Housing and the credit crunch follow-up report

14 July 2009

The Treasury’s Asset-backed Guarantee Scheme (ABS) - the key means by which the Government aims to get the mortgage markets moving again - seems not to be working, says the Communities and Local Government Select Committee in a report out today.

If the Government is to meet its housing targets, further steps must be taken to ensure that house builders can sell the homes they build, say MPs in their latest report on housing and the credit crunch.

Following up on a previous report published earlier this year, the Committee took new evidence recently from mortgage lenders. Launching the Committee’s conclusions Dr Phyllis Starkey MP, Chair of the Committee, said:

"The Committee strongly supports the Government’s retention of its house-building targets, despite the credit crunch, because they continue to reflect known needs - as confirmed by recent research by the National Housing and Planning Advice Unit. But house-builders simply will not build homes which they cannot sell.

"We welcome the additional investment the Government has made in building homes for social rent and in low-cost home ownership. But this won’t on its own be enough to meet demand. The availability of private mortgage finance is crucial, and the key to unlocking that finance is the Treasury’s Asset-backed Guarantee Scheme.

"In its current form the ABS is a leap that reaches across only half the chasm: impressive, but doomed to fail. If we are to meet house-building targets, then CLG ministers and senior officials must maintain pressure on the Treasury to bring forward new measures to get the mortgage markets moving."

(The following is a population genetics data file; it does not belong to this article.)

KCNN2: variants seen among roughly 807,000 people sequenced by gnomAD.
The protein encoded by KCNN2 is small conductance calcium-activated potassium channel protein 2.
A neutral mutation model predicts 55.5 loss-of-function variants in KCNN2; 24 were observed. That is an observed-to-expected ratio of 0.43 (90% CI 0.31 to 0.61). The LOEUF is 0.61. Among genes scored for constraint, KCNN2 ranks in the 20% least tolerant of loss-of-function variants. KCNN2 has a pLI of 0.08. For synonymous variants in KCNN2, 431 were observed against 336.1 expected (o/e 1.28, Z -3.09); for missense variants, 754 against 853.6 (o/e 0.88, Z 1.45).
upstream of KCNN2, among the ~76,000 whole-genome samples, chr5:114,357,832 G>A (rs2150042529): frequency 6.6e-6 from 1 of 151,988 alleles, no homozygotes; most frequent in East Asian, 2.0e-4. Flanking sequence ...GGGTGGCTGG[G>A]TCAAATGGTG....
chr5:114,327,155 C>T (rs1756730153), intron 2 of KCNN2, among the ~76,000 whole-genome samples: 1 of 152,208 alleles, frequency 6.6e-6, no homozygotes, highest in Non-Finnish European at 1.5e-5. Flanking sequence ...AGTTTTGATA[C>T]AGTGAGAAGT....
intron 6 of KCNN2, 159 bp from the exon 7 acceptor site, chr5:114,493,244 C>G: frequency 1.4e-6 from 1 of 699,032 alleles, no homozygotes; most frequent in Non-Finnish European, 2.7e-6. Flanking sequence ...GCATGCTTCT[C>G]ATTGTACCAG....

The report also underscores the importance of retaining skills and capacity in the house building sector, to avoid repeating the problems of the last recession after which it took ten years to rebuild capacity in the construction industry. The Committee calls on Government to monitor the situation closely and assess whether more must be done to maintain that capacity.

Lastly, the report questions the direction of an effective long term housing policy for the UK, particularly with regard to the balance of housing tenure and the presumption that owner occupation must increase. Commenting on this issue, Committee Chair Phyllis Starkey said:

"Last year, in a report on the supply of rented housing, we called on the Government to challenge the perception that to rent is 'second best'. Whether from necessity or choice, significant numbers of people rely on private and social rented housing - and may continue to do so for much of their lives. Their needs and aspirations are every bit as important as those of home owners.

"Current economic circumstances only underscore the relevance of this argument. Yet for thirty years Government policy has focussed on promoting home ownership, with insufficient attention given to the rented sectors. We now need a vigorous debate to review this approach and formulate a more coherent vision to guide effective housing policy and investment into the future."

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